“People are purchasing Bindle subscriptions, that’s so amazing! I got an email from this venture firm, B Permutator or something. They’re asking what’s our purchase rate, do we know enough SQL to calculate it?” asked Sandra.
Technically speaking – yes. Let’s look at the purchase rate of users who signed up within the first week of Bindle. We already know how to calculate users within a time range:
SELECT COUNT(*) AS total_users_count FROM users WHERE signup_date BETWEEN '2018-01-01' AND '2018-01-07'
In the same way, we can calculate how many of them became customers:
SELECT COUNT(*) AS total_customers_count FROM users WHERE signup_date BETWEEN '2018-01-01' AND '2018-01-07' AND status = 'customer'
The only thing – we need to manually divide the number of customers by the number of users to calculate the purchase rate. Remember, how SQL itself was inspired by accounting? Clearly there must be a way to easily calculate rates and percentages.
The only difference between 2 queries above is the filter for customer status
status = 'customer'. Wouldn’t it be great if we were able to count all users and customers in one query (and then divide one by the other)? It’s possible via the
CASE statement: we can use conditions (when talking about if/else our well-known filters are often referred to as conditions) in the
SELECT clause. Here’s a query that counts the number of users and customers at the same time:
SELECT COUNT(*) AS total_users_count, COUNT(CASE WHEN status = 'customer' THEN id END) AS total_customers_count FROM users WHERE signup_date BETWEEN '2018-01-01' AND '2018-01-07'
In this query we have used a couple of new SQL features (tricks):
COUNT(*)function will calculate the total number of rows.
CASEstatement in the second
COUNTin a way that it’ll only count a user record only if this user has a customer status.
ELSE. The default value of any
NULLis a special type in SQL that stands for no value). Think of it as SQL would always add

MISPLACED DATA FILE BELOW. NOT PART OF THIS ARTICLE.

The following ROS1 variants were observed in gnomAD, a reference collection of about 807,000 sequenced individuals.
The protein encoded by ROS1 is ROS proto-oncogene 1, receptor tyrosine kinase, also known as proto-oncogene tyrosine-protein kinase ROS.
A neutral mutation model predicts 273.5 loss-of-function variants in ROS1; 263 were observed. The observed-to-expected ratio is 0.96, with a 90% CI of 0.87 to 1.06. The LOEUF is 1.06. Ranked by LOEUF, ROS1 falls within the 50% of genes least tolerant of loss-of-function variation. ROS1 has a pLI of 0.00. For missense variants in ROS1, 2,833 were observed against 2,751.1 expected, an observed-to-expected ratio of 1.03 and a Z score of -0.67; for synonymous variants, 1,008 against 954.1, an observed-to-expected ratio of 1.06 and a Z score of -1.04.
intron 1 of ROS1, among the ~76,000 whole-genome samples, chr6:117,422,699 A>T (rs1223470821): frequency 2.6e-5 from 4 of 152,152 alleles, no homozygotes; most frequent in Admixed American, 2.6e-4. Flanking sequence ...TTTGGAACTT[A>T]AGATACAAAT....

ELSE NULLto your
CASEstatement if you didn’t specify it:
COUNT(CASE WHEN status = 'customer' THEN id END)
is equivalent to
COUNT(CASE WHEN status = 'customer' THEN id ELSE NULL END)
And the final SQL feature we used today: counting rows using the
COUNT aggregate function will count only rows with existing values ( it’ll skip all
NULL values). This is why our
CASE statement for customers returned the user’s id if the user has the customer status.
To have a better feeling how the
CASE statement works inside
COUNT we can imagine it as a 2 step process. First, we run a query to have a new column with the
CASE statement like so:
SELECT *, CASE WHEN status = 'customer' THEN id END AS new_user_status FROM users
and then we run
COUNT(new_user_status) on it (oh yeah, you totally can query … another query Why not? The result of any query is a table like any other SQL table).
The most frequent question I get at this point is “What’s the purpose of this
id column inside the CASE statement?”
SELECT COUNT(CASE WHEN status = 'customer' THEN id END) AS customers_count FROM users
Well, we can use anything but
NULL to make this query count users with customer status:
SELECT COUNT(CASE WHEN status = 'customer' THEN id END), COUNT(CASE WHEN status = 'customer' THEN 1 END), COUNT(CASE WHEN status = 'customer' THEN TRUE END), COUNT(CASE WHEN status = 'customer' THEN FALSE END), COUNT(CASE WHEN status = 'customer' THEN status END), COUNT(CASE WHEN status = 'customer' THEN 'customer' END) FROM users
As you can see, all these
COUNT()-s return the same value. This is because the
COUNT() function ignores
NULL values. You can visualize it like so: the
COUNT() functions goes row-by-row in our table; if the argument (in our case the result of the
CASE statement) is not
NULL – it’ll increment the counter by 1.
id then? IMO because it’s the most useful column for the job. First of all,
id-s are unique identifiers. I read such a query as If the CASE condition is TRUE, then count this record in. Second, we often want to count only unique records and this is where
id column is absolutely necessary. More on that later in the course.
That was a looong lesson If you have any questions drop me a message via chat in the bottom right corner. Don’t forget to practice and run all the queries from this lesson
Hi, it’s Anatoli, the author of SQL Habit.
SQL Habit is a course (or, as some of the students say, “business simulator”). It’s based on a story of a fictional startup called Bindle. You’ll play a role of their Data Analyst and solve real-life challenges from Business, Marketing, and Product Management.
SQL Habit course is made of bite-sized lessons (you’re looking at one atm) and exercises. They always have a real-life setting and detailed explanations. You can immediately apply everything you’ve learned at work.